Alleviating the Constant Stochastic Variance Assumption in Decision Research: Theory, Measurement, and Experimental Test
AbstractAnalysts often rely on methods that presume constant stochastic variance, even though its degree can differ markedly across experimental and field settings. This reliance can lead to misestimation of effect sizes or unjustified theoretical or behavioral inferences. Classic utility-based discrete-choice theory makes sharp, testable predictions about how observed choice patterns should change when stochastic variance differs across items, brands, or conditions. We derive and examine the implications of assuming constant stochastic variance for choices made under different conditions or at different times, in particular, whether substantive effects can arise purely as artifacts. These implications are tested via an experiment designed to isolate the effects of stochastic variation in choice behavior. Results strongly suggest that the stochastic component should be carefully modeled to differ across both available brands and temporal conditions, and that its variance may be relatively greater for choices made for the future. The experimental design controls for several alternative mechanisms (e.g., flexibility seeking), and a series of related models suggest that several econometrically detectable explanations like correlated error, state dependence, and variety seeking add no explanatory power. A series of simulations argues for appropriate flexibility in discrete-choice specification when attempting to detect temporal stochastic inflation effects.
Download InfoIf you experience problems downloading a file, check if you have the proper application to view it first. In case of further problems read the IDEAS help page. Note that these files are not on the IDEAS site. Please be patient as the files may be large.
Bibliographic InfoArticle provided by INFORMS in its journal Marketing Science.
Volume (Year): 29 (2010)
Issue (Month): 1 (01-02)
brand choice; choice models; decisions under uncertainty; decision making over time; econometric models; lab experiments; measurement and inference; probability models; simulation; stochastic models;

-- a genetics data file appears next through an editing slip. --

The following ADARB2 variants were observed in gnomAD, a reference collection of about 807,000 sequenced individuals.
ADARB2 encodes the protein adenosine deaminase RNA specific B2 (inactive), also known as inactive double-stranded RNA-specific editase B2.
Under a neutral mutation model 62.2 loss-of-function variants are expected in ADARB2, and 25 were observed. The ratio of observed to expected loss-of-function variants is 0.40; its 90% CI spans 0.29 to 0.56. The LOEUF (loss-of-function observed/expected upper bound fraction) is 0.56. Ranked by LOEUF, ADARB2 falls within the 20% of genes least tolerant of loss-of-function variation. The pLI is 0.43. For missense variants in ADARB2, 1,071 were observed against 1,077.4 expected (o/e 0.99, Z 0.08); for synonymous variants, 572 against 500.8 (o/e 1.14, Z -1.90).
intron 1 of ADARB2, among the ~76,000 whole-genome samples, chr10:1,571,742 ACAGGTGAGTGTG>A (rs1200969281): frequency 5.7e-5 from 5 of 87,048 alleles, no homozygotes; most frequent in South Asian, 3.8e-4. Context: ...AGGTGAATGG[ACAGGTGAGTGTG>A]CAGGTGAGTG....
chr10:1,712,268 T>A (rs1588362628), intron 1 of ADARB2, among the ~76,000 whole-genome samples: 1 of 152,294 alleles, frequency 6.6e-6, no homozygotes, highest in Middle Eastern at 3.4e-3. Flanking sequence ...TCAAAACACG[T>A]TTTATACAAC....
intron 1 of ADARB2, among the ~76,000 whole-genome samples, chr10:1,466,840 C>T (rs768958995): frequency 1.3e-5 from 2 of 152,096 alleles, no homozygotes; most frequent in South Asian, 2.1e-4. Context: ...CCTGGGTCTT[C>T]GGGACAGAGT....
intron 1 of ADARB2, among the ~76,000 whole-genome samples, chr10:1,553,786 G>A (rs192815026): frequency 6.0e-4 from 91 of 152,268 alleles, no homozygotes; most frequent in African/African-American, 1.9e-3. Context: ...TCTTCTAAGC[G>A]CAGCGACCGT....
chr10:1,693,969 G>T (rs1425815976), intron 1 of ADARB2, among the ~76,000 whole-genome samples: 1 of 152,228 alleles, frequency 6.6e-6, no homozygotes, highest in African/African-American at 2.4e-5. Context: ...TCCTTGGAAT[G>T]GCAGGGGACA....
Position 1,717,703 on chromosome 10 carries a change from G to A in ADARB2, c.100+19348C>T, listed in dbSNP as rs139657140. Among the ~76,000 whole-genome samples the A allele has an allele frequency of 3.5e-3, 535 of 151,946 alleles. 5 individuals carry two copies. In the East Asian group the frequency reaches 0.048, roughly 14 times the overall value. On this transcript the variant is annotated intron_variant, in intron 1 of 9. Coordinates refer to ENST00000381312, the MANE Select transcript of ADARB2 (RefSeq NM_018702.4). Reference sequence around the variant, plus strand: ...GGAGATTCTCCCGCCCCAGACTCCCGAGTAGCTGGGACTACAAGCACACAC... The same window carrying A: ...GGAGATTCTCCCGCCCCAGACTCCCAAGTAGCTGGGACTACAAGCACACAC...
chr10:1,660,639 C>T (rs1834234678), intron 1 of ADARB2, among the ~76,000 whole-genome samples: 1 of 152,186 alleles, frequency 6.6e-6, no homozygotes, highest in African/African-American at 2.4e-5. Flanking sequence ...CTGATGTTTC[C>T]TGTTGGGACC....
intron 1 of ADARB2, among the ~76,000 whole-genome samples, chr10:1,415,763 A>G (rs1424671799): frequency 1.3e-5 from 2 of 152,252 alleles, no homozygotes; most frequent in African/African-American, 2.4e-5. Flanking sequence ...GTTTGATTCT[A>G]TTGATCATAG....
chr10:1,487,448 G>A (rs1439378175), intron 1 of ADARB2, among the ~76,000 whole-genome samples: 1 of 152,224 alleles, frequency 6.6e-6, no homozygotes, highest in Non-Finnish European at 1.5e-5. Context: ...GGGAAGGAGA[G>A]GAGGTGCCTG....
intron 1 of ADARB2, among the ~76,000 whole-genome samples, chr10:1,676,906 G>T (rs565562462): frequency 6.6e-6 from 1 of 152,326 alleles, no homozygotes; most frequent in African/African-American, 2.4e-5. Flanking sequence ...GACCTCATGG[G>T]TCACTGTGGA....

You can help add them by filling out this form.
CitEc Project, subscribe to its RSS feed for this item.
- Hoyos, David, 2010. "The state of the art of environmental valuation with discrete choice experiments," Ecological Economics, Elsevier, vol. 69(8), pages 1595-1603, June.
- Harmsen - van Hout, Marjolein J.W. & Dellaert, Benedict G.C. & Herings, P. Jean-Jacques, 2010. "Behavioral Effects in Individual Decisions of Network Formation: Complexity Reduces Payoff Orientation and Social Preferences," FCN Working Papers 5/2010, E.ON Energy Research Center, Future Energy Consumer Needs and Behavior (FCN).
- Sclen, Håkon & Kallbekken, Steffen, 2011. "A choice experiment on fuel taxation and earmarking in Norway," Ecological Economics, Elsevier, vol. 70(11), pages 2181-2190, September.
For technical questions regarding this item, or to correct its authors, title, abstract, bibliographic or download information, contact: (Mirko Janc).
If you have authored this item and are not yet registered with RePEc, we encourage you to do it here. This allows to link your profile to this item. It also allows you to accept potential citations to this item that we are uncertain about.
If references are entirely missing, you can add them using this form.
If the full references list an item that is present in RePEc, but the system did not link to it, you can help with this form.
If you know of missing items citing this one, you can help us creating those links by adding the relevant references in the same way as above, for each refering item. If you are a registered author of this item, you may also want to check the "citations" tab in your profile, as there may be some citations waiting for confirmation.
Please note that corrections may take a couple of weeks to filter through the various RePEc services.